The asymptotes of a hyperbola are straight lines that the curve approaches as the values of the independent variable (*x*) increase. The branches of the hyperbola approach the asymptotes but never touch them. All hyperbolas have two asymptotes, which intersect at the center of the hyperbola. The equations of the asymptotes can have four different variations depending on the location of the center and the orientation of the hyperbola.

Here, we will explore the equations of hyperbolas along with some practice exercises.

## Asymptotes of hyperbolas centered at the origin

Hyperbolas centered on the origin can be oriented horizontally or vertically. Depending on this, the equation of a hyperbola will be different.

Recall that a hyperbola that is centered at the origin and horizontally oriented has the equation:

$latex \frac{{{x}^2}}{{{a}^2}}-\frac{{{y}^2}}{{{b}^2}}=1$

where a is the length of the distance from the center to a vertex and b is the length of the distance from the center to the co-vertex. This equation applies when the transverse axis (segment connecting the vertices) is on the x-axis.

In this case, the equations of the asymptotes are:

$latex y=\pm \frac{b}{a}x$

When the hyperbola is centered at the origin and oriented vertically, its equation is:

$latex \frac{{{y}^2}}{{{a}^2}}-\frac{{{x}^2}}{{{b}^2}}=1$

This equation applies when the transverse axis is on the *y* axis. In this case, the equations of the asymptotes are:

$latex y=\pm \frac{a}{b}x$

## Asymptotes of hyperbolas centered outside the origin

When the hyperbola is centered outside the origin, we can apply translations to obtain a new equation. If the hyperbola is oriented horizontally, its equation is:

$latex \frac{{{(x-h)}^2}}{{{a}^2}}-\frac{{{(y-k)}^2}}{{{b}^2}}=1$

where h is the x coordinate of the center and k is the y coordinate of the center. This equation applies when the transverse axis (segment connecting the vertices) is parallel to the x-axis. The equations of the asymptotes in this case are:

$latex y-k=\pm \frac{b}{a}(x-h)$

On the other hand, if the hyperbola is oriented vertically, its equation is:

$latex \frac{{{(y-k)}^2}}{{{a}^2}}-\frac{{{(x-h)}^2}}{{{b}^2}}=1$

This equation applies when the transverse axis is parallel to the *y* axis. The equations of the asymptotes in this case are:

$latex y-k=\pm \frac{a}{b}(x-h)$

## Asymptotes of hyperbolas – Examples with answers

With the following examples, you can analyze the process used to find the equations of the asymptotes of hyperbolas. Each example has its respective solution, but it is recommended that you try to solve the problems yourself before looking at the answer.

**EXAMPLE 1**

What is the equation of the asymptotes of the hyperbola $latex \frac{{{x}^2}}{36}-\frac{{{y}^2}}{16}=1$?

##### Solution

We can see that the equation has the form $latex \frac{{{x}^2}}{{{a}^2}}-\frac{{{y}^2}}{{{b}^2}}=1$. This means that the hyperbola is centered at the origin and is oriented horizontally. Therefore, the equation of its asymptotes is:

$latex y=\pm \frac{b}{a}x$

From the equation, we identify the following values:

$latex {{a}^2}=36$

$latex a=6$

$latex {{b}^2}=16$

$latex b=4$

Substituting these values into the equation of the asymptotes, we have:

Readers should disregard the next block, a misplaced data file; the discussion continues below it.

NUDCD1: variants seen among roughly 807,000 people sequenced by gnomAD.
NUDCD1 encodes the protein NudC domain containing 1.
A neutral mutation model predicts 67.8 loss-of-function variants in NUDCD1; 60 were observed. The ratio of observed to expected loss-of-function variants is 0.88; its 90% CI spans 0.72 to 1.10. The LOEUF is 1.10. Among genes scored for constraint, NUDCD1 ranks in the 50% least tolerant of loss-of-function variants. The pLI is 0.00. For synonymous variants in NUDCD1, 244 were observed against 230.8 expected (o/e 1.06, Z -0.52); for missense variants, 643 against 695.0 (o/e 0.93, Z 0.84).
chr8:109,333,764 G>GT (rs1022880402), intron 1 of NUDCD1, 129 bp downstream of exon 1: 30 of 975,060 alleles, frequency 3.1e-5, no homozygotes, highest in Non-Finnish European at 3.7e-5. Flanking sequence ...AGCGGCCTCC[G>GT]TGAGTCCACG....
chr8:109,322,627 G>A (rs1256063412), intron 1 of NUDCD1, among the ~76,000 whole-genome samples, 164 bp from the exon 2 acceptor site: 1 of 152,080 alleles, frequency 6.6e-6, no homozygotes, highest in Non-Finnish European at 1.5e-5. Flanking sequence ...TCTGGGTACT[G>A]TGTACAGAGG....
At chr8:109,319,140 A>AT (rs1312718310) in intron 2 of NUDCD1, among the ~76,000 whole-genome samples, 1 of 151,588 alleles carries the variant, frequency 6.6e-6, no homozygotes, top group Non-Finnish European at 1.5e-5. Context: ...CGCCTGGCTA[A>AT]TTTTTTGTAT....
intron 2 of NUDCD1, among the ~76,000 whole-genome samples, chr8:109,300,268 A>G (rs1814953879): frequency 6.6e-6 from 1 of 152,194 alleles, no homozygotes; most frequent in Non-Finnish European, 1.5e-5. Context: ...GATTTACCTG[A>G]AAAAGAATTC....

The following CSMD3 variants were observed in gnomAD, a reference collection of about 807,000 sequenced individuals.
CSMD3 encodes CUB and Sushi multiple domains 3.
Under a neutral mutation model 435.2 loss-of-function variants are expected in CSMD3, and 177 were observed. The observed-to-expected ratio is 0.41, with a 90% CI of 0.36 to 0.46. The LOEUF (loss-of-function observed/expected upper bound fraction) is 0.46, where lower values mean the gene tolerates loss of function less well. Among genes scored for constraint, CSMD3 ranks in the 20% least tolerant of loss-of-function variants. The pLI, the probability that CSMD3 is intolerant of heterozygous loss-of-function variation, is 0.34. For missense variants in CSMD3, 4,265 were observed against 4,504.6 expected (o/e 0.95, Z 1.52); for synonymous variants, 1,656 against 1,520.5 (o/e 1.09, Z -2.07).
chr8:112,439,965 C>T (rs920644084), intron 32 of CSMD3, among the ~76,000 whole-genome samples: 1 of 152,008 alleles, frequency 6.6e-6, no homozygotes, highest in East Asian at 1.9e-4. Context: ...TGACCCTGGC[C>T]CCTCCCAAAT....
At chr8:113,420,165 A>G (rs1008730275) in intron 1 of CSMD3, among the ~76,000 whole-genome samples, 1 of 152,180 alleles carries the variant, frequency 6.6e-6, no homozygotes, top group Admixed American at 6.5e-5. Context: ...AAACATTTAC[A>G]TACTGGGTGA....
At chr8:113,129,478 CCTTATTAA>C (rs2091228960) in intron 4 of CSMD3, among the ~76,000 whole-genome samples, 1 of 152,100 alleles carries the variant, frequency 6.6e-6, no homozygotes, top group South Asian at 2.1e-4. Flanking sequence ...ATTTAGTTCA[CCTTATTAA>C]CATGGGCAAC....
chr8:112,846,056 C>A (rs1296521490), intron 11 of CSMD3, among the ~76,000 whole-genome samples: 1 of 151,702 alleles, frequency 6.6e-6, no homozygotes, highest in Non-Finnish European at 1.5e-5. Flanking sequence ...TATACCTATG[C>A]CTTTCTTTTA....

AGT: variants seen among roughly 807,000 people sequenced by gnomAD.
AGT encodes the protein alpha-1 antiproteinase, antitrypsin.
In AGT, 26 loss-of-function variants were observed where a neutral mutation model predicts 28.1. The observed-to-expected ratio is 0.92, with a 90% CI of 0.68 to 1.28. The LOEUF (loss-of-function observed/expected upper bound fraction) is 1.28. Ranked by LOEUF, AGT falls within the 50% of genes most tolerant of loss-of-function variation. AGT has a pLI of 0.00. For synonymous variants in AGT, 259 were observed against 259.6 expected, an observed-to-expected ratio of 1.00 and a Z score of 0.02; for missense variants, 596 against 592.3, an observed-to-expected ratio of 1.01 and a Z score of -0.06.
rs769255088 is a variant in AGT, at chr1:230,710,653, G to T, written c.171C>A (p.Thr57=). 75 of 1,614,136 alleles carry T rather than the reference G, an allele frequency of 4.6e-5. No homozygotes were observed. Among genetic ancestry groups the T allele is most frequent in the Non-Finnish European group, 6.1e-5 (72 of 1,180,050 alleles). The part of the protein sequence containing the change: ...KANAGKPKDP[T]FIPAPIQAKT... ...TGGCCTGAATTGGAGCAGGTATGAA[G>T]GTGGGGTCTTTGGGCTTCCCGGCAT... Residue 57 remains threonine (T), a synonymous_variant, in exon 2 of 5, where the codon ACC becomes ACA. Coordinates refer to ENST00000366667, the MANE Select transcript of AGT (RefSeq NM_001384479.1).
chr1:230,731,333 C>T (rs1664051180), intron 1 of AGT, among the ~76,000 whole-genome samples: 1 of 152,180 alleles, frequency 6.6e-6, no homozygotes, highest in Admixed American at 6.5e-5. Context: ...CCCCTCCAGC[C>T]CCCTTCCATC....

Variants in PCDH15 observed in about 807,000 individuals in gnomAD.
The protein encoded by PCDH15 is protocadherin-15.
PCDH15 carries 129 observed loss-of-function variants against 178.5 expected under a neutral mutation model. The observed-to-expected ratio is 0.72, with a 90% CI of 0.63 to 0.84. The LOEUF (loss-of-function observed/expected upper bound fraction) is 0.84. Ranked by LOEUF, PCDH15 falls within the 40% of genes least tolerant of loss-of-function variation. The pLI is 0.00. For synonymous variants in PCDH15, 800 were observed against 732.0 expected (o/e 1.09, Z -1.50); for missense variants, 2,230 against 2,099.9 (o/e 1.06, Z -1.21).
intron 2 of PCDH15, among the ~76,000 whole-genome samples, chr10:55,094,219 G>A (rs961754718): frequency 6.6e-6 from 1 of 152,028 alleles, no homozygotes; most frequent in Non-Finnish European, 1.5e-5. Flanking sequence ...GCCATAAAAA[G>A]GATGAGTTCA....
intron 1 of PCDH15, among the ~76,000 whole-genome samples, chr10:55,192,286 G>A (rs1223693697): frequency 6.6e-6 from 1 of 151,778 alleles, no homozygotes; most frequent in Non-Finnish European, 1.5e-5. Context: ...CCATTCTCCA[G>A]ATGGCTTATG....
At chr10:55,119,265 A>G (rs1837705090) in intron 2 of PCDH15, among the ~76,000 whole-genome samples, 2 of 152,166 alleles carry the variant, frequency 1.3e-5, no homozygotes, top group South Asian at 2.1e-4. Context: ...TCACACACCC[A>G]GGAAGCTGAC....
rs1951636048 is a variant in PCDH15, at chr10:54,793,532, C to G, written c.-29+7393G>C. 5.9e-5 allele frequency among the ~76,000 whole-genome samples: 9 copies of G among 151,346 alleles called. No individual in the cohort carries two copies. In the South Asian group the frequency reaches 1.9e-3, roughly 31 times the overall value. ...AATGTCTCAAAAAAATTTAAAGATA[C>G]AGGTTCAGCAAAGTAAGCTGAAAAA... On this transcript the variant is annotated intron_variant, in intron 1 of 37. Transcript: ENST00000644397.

$latex y=\pm \frac{4}{6}x$

$latex y=\pm \frac{2}{3}x$

**EXAMPLE 2**

If a hyperbola has the equation $latex \frac{{{y}^2}}{25}-\frac{{{x}^2}}{9}=1$, what are its asymptotes?

##### Solution

In this case, the equation has the form $latex \frac{{{y}^2}}{{{a}^2}}-\frac{{{x}^2}}{{{b}^2}}=1$. Therefore, the hyperbola is centered at the origin and oriented vertically. Therefore, the equation of its asymptotes is:

$latex y=\pm \frac{a}{b}x$

From the equation, we identify the following values:

$latex {{a}^2}=25$

$latex a=5$

$latex {{b}^2}=9$

$latex b=3$

Using these values in the equation of the asymptotes, we have:

$latex y=\pm \frac{5}{3}x$

**EXAMPLE 3**

What is the equation of the asymptotes of the hyperbola $latex \frac{{{(x-2)}^2}}{64}-\frac{{{(y-3)}^2}}{25}=1$?

##### Solution

The equation of the hyperbola has the form $latex \frac{{{(x-h)}^2}}{{{a}^2}}-\frac{{{(y-k)}^2}}{{{b}^2}}=1$. This hyperbola is centered on (*h, k*) and is oriented horizontally. Therefore, the equation of its asymptotes is:

$latex y-k=\pm \frac{b}{a}(x-h)$

We have the following values:

$latex {{a}^2}=64$

$latex a=8$

$latex {{b}^2}=25$

$latex b=5$

Using these values into the equation for the asymptotes, we have:

$latex y-3=\pm \frac{5}{8}(x-2)$

$latex y=\pm \frac{5}{8}(x-2)+3$

**EXAMPLE 4**

f a hyperbola has the equation $latex \frac{{{(y+5)}^2}}{25}-\frac{{{(x-2)}^2}}{9}=1$, what are its asymptotes?

##### Solution

In this case, we have the form $latex \frac{{{(y-k)}^2}}{{{a}^2}}-\frac{{{(x-h)}^2}}{{{b}^2}}=1$. Therefore, we have the center at (*h, k*) and the hyperbola is oriented vertically. Therefore, the equation of its asymptotes is:

$latex y-k=\pm \frac{a}{b}(x-h)$

We have the following values:

$latex {{a}^2}=25$

$latex a=5$

$latex {{b}^2}=9$

$latex b=3$

We substitute these data into the equation of the asymptotes:

$latex y+5=\pm \frac{5}{3}(x-2)$

$latex y=\pm \frac{5}{3}(x-2)-5$

## Asymptotes of hyperbolas – Practice problems

Solve the following problems to practice what you have learned about hyperbola asymptotes. If you need help with this, you can look at the solved examples above for guidance.

## See also

Interested in learning more about hyperbolas? Take a look at these pages:

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